Omnivore’s Dilemma was wonderful; while there were irritating bits, these were not so noticeable, in the wealth of wonderful information and perspective. Unfortunately, there’s much less wealth of information in Cooked, so the irritating bits are much more visible.
Yes, if you have hundreds of hours to focus on baking bread and take lessons from award-winning bakers you can make a great loaf, and I’m sure his are delicious, but not like the humble loaves I bake; and no, I don’t chop my onions finely for my stews, yet we eat them with enjoyment. It’s possible to cook from scratch ingredients (many home grown), and have it not take a long time; and while it may not be haute cuisine, it will taste pretty good. Pollan notes that as a culture we are interested in watching cooking even when we don’t do it; this book seems to fit right in, we are reading about him doing things that sound quite inaccessible (and I’ve done some of these things myself, so it’s not like lack confidence).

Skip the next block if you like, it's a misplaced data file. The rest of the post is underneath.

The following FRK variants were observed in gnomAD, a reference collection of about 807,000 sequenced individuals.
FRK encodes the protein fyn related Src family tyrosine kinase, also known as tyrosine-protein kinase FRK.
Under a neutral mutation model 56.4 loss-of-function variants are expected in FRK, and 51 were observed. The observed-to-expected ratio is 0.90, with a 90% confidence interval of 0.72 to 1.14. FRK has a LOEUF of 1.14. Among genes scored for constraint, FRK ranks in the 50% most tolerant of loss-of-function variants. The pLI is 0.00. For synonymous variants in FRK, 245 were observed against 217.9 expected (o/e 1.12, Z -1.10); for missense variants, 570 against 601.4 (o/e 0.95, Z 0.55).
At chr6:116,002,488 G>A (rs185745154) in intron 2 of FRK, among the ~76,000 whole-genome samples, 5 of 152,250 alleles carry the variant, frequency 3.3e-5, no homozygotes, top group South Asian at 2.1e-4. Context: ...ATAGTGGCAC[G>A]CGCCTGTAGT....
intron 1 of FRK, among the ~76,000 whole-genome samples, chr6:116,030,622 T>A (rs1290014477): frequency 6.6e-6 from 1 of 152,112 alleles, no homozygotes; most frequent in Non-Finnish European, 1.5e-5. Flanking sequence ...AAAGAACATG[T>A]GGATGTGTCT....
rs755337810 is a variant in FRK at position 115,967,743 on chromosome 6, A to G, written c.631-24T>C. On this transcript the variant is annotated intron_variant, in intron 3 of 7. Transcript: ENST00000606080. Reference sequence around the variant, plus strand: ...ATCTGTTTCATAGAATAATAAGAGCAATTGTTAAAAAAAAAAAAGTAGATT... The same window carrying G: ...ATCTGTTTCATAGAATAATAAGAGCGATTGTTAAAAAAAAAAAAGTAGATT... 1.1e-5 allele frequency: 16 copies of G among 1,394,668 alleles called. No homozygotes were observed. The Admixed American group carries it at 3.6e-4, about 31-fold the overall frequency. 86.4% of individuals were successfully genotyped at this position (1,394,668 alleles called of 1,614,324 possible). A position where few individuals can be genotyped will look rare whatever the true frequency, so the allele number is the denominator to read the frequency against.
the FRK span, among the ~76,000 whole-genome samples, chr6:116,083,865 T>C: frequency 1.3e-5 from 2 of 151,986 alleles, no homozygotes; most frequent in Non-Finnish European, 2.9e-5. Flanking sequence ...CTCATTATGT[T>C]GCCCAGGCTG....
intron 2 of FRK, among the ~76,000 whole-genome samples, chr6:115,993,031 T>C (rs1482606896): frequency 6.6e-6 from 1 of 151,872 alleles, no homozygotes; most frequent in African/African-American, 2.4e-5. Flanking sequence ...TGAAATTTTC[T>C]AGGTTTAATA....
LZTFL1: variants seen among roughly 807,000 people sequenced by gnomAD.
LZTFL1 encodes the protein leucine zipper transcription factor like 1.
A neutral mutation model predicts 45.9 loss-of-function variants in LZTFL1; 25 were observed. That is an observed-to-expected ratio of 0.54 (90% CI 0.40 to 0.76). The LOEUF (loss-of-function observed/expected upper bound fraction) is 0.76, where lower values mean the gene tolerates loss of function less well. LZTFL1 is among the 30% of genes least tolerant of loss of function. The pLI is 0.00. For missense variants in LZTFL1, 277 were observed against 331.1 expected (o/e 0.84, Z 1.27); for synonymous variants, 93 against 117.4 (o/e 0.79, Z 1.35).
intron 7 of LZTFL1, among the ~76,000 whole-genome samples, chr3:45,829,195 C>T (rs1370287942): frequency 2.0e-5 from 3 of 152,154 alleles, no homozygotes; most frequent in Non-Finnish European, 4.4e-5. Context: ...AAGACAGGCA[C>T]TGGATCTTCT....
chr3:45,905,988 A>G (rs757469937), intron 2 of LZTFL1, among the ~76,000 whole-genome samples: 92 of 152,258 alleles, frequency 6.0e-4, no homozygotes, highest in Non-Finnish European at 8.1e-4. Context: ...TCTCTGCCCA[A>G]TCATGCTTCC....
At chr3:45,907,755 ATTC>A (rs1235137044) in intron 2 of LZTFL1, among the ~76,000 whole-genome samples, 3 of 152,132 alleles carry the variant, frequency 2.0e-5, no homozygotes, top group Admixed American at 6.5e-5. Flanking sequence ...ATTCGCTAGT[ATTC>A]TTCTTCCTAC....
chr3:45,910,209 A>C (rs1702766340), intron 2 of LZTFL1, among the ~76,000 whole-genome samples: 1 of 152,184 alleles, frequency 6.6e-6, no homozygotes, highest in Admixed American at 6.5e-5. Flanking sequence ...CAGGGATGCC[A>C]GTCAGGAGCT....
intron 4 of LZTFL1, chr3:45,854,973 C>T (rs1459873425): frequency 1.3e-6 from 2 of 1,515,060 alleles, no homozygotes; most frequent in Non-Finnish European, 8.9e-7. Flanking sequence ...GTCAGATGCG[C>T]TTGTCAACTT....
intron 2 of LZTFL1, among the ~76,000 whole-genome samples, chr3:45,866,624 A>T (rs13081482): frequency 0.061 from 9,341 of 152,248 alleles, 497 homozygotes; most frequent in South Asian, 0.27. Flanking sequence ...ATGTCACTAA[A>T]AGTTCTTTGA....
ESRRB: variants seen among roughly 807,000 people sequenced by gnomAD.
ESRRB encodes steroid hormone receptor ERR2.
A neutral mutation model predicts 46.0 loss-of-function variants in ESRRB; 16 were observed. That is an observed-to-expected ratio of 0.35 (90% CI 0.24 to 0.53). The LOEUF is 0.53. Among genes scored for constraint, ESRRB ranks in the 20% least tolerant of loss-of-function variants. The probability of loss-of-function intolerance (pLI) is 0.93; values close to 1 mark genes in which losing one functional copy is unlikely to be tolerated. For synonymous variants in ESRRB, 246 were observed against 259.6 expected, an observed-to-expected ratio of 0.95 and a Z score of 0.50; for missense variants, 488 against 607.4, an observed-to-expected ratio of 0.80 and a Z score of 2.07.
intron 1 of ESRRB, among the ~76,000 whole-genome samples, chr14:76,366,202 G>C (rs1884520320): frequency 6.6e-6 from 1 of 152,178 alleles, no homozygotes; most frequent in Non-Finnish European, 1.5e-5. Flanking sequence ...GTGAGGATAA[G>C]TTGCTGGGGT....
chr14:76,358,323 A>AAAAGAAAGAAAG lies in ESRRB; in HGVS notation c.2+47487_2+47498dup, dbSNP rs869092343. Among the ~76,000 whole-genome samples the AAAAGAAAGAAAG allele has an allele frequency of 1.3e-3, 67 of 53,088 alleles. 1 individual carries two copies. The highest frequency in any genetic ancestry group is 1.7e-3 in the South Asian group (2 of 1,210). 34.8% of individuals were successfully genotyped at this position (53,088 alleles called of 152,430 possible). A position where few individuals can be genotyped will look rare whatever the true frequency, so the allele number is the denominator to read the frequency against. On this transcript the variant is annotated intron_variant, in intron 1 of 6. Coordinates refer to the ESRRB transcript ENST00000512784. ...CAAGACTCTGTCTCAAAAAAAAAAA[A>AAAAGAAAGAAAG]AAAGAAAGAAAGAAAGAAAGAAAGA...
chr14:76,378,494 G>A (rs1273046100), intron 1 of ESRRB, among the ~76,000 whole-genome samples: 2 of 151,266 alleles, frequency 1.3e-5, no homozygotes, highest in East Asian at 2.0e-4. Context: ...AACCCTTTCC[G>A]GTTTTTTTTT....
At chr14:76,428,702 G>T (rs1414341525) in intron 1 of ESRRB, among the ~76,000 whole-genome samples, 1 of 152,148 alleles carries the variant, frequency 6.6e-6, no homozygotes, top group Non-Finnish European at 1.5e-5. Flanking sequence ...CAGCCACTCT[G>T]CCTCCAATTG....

This book seems to make the divide in our food culture even larger, rather than bridging the gap; the line between those that take their time to cook wonderful meals with organic ingredients from the farmer’s market, and those that don’t have the time or finances and so don’t cook, and just eat fast food. There’s a whole lot of different interesting things that lie in between the San Francisco artisan sourdough loaf and Wonder bread. We’ve been making almost all our bread for years; it’s not exciting and artisanal and it takes very little time, we don’t gush over it and write about it or anything.
Having said all this, Pollan still is a great writer, I did learn somethings… I am more diligent about the wholewheat flour, and mix it with water and let it rest for a few hours before proceeding with breadmaking.
Perhaps I’m too jaded, the first time you read about fermentation may be that much more exciting than the umpteenth time (but I do recommend you go directly to “Wild Fermentation” if you want to be inspired to ferment)